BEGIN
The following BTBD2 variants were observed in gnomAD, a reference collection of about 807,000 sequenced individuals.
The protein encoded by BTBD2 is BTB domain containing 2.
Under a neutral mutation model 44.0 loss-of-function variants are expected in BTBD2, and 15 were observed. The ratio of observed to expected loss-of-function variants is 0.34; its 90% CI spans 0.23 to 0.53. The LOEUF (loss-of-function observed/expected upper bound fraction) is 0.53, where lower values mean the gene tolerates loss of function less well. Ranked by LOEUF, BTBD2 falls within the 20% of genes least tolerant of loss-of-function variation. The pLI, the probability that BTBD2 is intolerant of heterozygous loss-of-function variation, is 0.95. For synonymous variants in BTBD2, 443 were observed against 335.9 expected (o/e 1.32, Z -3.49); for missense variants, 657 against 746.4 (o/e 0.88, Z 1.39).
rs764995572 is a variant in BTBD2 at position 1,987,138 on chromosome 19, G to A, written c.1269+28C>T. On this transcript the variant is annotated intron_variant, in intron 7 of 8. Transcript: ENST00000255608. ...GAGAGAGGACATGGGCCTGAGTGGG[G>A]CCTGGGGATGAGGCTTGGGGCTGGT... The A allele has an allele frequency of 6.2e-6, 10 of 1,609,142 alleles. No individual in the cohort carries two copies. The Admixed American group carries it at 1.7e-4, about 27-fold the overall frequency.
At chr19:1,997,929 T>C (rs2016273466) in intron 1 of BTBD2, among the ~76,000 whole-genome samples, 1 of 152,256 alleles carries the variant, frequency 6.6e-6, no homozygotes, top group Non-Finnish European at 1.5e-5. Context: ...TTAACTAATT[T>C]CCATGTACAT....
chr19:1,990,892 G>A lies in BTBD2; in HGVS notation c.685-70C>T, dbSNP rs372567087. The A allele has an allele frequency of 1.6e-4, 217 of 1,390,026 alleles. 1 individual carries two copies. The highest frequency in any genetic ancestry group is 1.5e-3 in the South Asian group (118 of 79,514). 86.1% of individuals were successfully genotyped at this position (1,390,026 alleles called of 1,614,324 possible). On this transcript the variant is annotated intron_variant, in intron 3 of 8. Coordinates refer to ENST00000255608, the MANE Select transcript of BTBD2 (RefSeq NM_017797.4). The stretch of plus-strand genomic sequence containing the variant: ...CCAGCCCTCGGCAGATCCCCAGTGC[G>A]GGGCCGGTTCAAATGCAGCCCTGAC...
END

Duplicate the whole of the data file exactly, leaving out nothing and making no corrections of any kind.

The following BTBD2 variants were observed in gnomAD, a reference collection of about 807,000 sequenced individuals.
The protein encoded by BTBD2 is BTB domain containing 2.
Under a neutral mutation model 44.0 loss-of-function variants are expected in BTBD2, and 15 were observed. The ratio of observed to expected loss-of-function variants is 0.34; its 90% CI spans 0.23 to 0.53. The LOEUF (loss-of-function observed/expected upper bound fraction) is 0.53, where lower values mean the gene tolerates loss of function less well. Ranked by LOEUF, BTBD2 falls within the 20% of genes least tolerant of loss-of-function variation. The pLI, the probability that BTBD2 is intolerant of heterozygous loss-of-function variation, is 0.95. For synonymous variants in BTBD2, 443 were observed against 335.9 expected (o/e 1.32, Z -3.49); for missense variants, 657 against 746.4 (o/e 0.88, Z 1.39).
rs764995572 is a variant in BTBD2 at position 1,987,138 on chromosome 19, G to A, written c.1269+28C>T. On this transcript the variant is annotated intron_variant, in intron 7 of 8. Transcript: ENST00000255608. ...GAGAGAGGACATGGGCCTGAGTGGG[G>A]CCTGGGGATGAGGCTTGGGGCTGGT... The A allele has an allele frequency of 6.2e-6, 10 of 1,609,142 alleles. No individual in the cohort carries two copies. The Admixed American group carries it at 1.7e-4, about 27-fold the overall frequency.
At chr19:1,997,929 T>C (rs2016273466) in intron 1 of BTBD2, among the ~76,000 whole-genome samples, 1 of 152,256 alleles carries the variant, frequency 6.6e-6, no homozygotes, top group Non-Finnish European at 1.5e-5. Context: ...TTAACTAATT[T>C]CCATGTACAT....
chr19:1,990,892 G>A lies in BTBD2; in HGVS notation c.685-70C>T, dbSNP rs372567087. The A allele has an allele frequency of 1.6e-4, 217 of 1,390,026 alleles. 1 individual carries two copies. The highest frequency in any genetic ancestry group is 1.5e-3 in the South Asian group (118 of 79,514). 86.1% of individuals were successfully genotyped at this position (1,390,026 alleles called of 1,614,324 possible). On this transcript the variant is annotated intron_variant, in intron 3 of 8. Coordinates refer to ENST00000255608, the MANE Select transcript of BTBD2 (RefSeq NM_017797.4). The stretch of plus-strand genomic sequence containing the variant: ...CCAGCCCTCGGCAGATCCCCAGTGC[G>A]GGGCCGGTTCAAATGCAGCCCTGAC...